For a long time it was thought that everyone reacts the same to food. But how is it possible that one person feels energized after eating an oatmeal breakfast and the other doesn’t? Or how is it possible that someone who eats a large plate of pasta every night keeps on weight and the other does not?
To understand why everyone reacts differently to food, we share three insights that have been revolutionary in science. For example, these studies showed that in addition to the meal, a number of other factors also influence your response to food. What factors are these and how can Clear.bio help you make better food choices? .
The first study to show that people respond differently to food came from two researchers at the Weizmann Institute of Science in Israel in 2015. The researchers asked 800 people to participate for a week in their study of individual blood sugar responses to nutrition.
💡 When you eat something that contains carbohydrates, these carbohydrates are converted directly into glucose in your stomach and intestines. Glucose is sugar. The glucose is absorbed into your blood. Blood glucose is fuel for your body. Due to the transport through your blood, the glucose ends up with your muscles and organs that need it. By “blood glucose response” we mean the response of your blood glucose after eating a meal. This is measured by looking at your blood glucose levels. The blood glucose value is the amount of sugar or glucose in your blood.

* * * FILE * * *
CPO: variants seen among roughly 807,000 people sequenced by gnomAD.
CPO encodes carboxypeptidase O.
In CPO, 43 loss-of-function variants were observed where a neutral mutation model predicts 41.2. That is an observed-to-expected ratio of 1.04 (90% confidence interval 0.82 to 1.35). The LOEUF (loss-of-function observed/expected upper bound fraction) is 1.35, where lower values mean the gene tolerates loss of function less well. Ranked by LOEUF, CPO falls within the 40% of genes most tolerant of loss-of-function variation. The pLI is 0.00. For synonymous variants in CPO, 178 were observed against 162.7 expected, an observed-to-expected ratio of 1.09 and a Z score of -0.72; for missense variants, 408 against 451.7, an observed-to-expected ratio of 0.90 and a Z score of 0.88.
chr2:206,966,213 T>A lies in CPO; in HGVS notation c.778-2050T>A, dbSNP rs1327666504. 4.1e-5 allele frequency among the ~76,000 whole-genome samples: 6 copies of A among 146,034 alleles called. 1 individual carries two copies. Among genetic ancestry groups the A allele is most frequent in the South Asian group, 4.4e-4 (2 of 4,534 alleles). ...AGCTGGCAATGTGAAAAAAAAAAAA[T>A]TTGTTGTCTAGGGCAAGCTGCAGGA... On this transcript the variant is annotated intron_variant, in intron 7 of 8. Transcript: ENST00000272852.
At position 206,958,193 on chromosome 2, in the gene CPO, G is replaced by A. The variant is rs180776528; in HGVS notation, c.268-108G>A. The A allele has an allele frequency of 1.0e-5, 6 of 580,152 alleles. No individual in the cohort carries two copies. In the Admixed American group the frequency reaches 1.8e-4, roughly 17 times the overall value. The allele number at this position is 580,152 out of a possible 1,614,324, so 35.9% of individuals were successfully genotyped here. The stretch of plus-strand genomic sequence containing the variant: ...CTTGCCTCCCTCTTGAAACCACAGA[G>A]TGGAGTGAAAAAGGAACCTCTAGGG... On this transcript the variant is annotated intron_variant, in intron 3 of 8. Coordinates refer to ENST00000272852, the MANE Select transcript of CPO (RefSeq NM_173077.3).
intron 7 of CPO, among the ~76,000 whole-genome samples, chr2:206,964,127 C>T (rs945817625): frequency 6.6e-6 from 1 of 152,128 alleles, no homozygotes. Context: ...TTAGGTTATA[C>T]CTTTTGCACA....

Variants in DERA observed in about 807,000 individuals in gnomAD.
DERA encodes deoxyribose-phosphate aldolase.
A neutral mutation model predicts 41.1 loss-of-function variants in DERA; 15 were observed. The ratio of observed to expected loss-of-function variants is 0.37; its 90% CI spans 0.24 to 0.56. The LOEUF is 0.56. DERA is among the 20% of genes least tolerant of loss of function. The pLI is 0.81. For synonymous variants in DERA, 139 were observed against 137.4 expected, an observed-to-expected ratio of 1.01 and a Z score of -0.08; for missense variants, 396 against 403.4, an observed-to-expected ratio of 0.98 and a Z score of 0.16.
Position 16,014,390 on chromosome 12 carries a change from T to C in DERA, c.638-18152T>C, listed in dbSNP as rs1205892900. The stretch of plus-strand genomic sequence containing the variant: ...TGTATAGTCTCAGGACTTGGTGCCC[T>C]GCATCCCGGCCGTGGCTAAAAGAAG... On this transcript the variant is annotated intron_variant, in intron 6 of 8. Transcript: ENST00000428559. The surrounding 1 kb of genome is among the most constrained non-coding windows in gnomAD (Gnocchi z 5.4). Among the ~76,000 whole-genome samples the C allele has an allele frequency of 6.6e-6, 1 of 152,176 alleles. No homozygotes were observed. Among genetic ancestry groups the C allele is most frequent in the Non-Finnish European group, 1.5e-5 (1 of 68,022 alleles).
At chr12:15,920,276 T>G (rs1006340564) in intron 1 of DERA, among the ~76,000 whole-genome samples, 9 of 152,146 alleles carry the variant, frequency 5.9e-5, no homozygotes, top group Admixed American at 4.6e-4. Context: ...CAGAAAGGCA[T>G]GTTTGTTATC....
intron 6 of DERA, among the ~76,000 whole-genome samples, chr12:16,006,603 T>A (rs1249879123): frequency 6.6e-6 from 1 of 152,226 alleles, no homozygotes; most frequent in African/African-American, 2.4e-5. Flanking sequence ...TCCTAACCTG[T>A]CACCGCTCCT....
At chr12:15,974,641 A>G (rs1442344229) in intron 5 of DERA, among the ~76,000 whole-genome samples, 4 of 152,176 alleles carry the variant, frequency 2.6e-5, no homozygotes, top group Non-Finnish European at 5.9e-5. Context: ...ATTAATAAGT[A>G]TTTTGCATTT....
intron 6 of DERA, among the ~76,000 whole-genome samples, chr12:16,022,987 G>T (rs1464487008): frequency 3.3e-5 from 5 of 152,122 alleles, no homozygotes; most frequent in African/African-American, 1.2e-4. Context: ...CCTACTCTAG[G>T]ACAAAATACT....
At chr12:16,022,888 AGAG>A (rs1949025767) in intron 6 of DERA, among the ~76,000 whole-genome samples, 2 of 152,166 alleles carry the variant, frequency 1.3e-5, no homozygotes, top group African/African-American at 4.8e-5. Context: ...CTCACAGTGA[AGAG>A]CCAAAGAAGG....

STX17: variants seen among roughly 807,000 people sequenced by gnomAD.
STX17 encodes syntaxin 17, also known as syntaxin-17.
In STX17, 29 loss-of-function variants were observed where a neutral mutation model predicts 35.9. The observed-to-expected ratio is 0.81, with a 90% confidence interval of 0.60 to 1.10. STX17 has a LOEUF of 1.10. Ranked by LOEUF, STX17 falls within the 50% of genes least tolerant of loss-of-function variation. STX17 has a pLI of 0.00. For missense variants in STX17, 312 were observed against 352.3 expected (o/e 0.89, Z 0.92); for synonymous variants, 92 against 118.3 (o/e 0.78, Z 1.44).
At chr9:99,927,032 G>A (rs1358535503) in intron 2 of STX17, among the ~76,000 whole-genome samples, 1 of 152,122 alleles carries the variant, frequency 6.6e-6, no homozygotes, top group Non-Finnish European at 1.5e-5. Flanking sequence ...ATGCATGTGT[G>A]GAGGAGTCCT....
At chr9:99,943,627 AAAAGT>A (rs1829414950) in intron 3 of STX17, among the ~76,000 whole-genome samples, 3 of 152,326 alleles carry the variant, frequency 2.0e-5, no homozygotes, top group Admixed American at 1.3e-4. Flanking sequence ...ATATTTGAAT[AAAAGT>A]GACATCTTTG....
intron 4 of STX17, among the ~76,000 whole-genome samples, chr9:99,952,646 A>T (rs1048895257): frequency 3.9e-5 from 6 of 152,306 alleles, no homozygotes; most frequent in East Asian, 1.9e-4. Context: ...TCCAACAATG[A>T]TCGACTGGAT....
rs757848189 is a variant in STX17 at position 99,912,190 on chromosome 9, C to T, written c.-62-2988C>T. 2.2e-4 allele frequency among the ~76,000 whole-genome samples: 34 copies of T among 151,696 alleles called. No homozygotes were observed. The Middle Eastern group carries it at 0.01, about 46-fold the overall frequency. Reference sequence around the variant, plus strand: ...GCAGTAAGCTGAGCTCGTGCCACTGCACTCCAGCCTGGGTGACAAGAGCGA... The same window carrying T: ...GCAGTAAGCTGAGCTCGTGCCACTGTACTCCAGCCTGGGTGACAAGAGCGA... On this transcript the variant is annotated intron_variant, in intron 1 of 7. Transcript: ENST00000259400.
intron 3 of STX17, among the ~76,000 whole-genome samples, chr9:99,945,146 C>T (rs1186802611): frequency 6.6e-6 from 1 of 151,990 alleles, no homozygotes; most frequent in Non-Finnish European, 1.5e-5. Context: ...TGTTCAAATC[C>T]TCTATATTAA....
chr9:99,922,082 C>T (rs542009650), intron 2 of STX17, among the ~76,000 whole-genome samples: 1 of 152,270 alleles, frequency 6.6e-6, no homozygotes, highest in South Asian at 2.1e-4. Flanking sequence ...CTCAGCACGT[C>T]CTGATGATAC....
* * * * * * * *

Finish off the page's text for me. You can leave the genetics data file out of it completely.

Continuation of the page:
The participants in the study were allowed to maintain their own eating pattern, except for breakfast, where they only had to eat bread or bread with butter.
The researchers saw that when a person ate the same breakfast again the next day, their blood sugar response was 77% the same. It was long thought that the reaction of a person after the same meal would be exactly the same, but that is not the case. We can deduce two important things from this:
The content of the meal largely determines the blood sugar response.
But there are more factors that influence blood glucose response than just the content of the meal. For example sleep, sports, stress and hormones.
There were also differences between the participants. For example, two people after exactly the same breakfast had a clearly different response of their blood sugar.
Finally, this study attempted to predict the response of blood sugar to food based on the data collected from the participants. For example, activity, blood values, nutritional value of the meal, age, weight and microbiome.